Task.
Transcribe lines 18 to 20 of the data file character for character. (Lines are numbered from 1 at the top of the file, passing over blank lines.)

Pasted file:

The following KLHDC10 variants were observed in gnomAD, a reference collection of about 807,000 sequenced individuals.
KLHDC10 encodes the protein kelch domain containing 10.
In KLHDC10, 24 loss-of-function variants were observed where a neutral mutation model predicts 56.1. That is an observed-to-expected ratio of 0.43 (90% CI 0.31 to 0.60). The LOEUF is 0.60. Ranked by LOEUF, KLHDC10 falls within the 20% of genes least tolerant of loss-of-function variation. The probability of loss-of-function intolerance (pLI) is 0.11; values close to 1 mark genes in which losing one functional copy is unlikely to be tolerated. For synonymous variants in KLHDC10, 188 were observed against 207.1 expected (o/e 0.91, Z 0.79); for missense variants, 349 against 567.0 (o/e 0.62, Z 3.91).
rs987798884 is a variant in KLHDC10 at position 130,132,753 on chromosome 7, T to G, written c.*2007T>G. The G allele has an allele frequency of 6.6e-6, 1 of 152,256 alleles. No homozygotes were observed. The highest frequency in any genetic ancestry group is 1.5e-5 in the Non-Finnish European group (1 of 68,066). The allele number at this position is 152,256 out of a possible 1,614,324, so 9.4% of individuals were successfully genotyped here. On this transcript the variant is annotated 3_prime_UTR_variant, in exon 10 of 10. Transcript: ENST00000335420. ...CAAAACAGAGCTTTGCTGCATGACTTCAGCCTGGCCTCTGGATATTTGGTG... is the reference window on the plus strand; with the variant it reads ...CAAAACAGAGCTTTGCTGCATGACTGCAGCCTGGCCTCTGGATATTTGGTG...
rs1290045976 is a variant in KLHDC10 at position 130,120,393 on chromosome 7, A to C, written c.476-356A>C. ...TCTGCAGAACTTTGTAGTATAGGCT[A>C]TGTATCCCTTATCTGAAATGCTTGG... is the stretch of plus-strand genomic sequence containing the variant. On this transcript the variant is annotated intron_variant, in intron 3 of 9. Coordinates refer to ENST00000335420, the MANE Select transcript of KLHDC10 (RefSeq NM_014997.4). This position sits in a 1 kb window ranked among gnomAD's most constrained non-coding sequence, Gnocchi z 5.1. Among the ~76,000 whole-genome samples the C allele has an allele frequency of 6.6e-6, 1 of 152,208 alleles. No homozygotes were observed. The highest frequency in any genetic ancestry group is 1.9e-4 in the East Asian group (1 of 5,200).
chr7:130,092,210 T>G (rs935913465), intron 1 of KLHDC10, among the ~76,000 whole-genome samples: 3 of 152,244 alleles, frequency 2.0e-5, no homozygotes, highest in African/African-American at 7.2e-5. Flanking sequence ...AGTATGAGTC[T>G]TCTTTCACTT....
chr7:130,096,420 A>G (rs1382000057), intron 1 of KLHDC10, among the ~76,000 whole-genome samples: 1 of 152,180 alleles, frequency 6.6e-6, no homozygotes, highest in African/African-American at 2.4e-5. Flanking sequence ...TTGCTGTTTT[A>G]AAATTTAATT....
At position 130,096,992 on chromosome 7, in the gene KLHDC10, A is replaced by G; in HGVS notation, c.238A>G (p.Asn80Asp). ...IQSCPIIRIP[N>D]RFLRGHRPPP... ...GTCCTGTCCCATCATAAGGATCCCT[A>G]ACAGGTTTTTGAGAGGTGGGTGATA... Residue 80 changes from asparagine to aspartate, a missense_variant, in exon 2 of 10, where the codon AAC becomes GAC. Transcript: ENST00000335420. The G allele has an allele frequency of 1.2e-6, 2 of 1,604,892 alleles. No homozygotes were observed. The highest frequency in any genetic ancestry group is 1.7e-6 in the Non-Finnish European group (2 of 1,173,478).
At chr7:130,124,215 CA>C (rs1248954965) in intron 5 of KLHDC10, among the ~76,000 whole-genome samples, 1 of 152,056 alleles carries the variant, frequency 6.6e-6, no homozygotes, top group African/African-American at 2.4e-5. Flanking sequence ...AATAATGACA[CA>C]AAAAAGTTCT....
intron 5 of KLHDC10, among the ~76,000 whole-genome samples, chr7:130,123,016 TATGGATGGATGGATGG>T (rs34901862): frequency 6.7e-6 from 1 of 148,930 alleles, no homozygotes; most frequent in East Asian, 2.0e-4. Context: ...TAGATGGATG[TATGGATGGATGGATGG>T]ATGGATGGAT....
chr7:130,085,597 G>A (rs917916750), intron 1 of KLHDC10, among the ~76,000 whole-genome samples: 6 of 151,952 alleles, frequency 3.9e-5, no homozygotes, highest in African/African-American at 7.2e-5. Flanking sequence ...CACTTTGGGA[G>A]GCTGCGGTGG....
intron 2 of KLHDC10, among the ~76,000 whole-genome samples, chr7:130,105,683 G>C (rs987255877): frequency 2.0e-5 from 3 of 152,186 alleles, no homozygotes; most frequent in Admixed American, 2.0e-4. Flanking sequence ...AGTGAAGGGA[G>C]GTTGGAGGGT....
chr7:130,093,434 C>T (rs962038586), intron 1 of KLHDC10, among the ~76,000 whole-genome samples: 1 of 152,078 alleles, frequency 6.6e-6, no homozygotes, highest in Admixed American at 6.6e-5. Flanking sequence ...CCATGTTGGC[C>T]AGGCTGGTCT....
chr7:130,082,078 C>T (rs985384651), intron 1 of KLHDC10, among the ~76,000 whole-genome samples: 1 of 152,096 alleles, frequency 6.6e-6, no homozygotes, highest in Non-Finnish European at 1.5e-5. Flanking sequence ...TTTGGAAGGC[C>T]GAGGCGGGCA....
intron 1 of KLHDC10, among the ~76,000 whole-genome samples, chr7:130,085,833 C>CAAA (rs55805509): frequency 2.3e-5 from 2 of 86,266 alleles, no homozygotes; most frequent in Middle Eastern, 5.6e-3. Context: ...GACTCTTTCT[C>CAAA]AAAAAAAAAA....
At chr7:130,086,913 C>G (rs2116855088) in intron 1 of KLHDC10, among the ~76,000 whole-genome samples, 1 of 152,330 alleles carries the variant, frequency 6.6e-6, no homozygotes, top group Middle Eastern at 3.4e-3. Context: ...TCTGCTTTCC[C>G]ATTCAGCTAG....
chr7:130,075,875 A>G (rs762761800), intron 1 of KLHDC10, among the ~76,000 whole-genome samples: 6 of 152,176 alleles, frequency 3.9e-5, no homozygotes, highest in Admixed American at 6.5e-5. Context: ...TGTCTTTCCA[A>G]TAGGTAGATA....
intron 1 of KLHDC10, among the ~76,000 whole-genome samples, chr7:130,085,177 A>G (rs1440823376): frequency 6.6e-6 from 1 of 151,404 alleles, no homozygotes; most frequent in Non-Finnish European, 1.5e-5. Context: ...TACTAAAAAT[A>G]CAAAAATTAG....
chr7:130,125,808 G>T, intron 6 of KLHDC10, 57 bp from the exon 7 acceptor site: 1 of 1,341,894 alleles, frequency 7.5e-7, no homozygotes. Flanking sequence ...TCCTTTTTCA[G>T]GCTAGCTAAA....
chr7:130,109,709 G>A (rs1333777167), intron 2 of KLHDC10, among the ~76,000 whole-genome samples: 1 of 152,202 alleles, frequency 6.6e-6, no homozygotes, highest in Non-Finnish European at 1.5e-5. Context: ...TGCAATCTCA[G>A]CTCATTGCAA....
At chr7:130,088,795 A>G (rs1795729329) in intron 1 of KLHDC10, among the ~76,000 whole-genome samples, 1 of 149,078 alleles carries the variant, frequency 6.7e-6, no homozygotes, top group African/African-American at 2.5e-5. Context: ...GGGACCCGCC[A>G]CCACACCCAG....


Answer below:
intron 1 of KLHDC10, among the ~76,000 whole-genome samples, chr7:130,085,177 A>G (rs1440823376): frequency 6.6e-6 from 1 of 151,404 alleles, no homozygotes; most frequent in Non-Finnish European, 1.5e-5. Context: ...TACTAAAAAT[A>G]CAAAAATTAG....
chr7:130,125,808 G>T, intron 6 of KLHDC10, 57 bp from the exon 7 acceptor site: 1 of 1,341,894 alleles, frequency 7.5e-7, no homozygotes. Flanking sequence ...TCCTTTTTCA[G>T]GCTAGCTAAA....
chr7:130,109,709 G>A (rs1333777167), intron 2 of KLHDC10, among the ~76,000 whole-genome samples: 1 of 152,202 alleles, frequency 6.6e-6, no homozygotes, highest in Non-Finnish European at 1.5e-5. Context: ...TGCAATCTCA[G>A]CTCATTGCAA....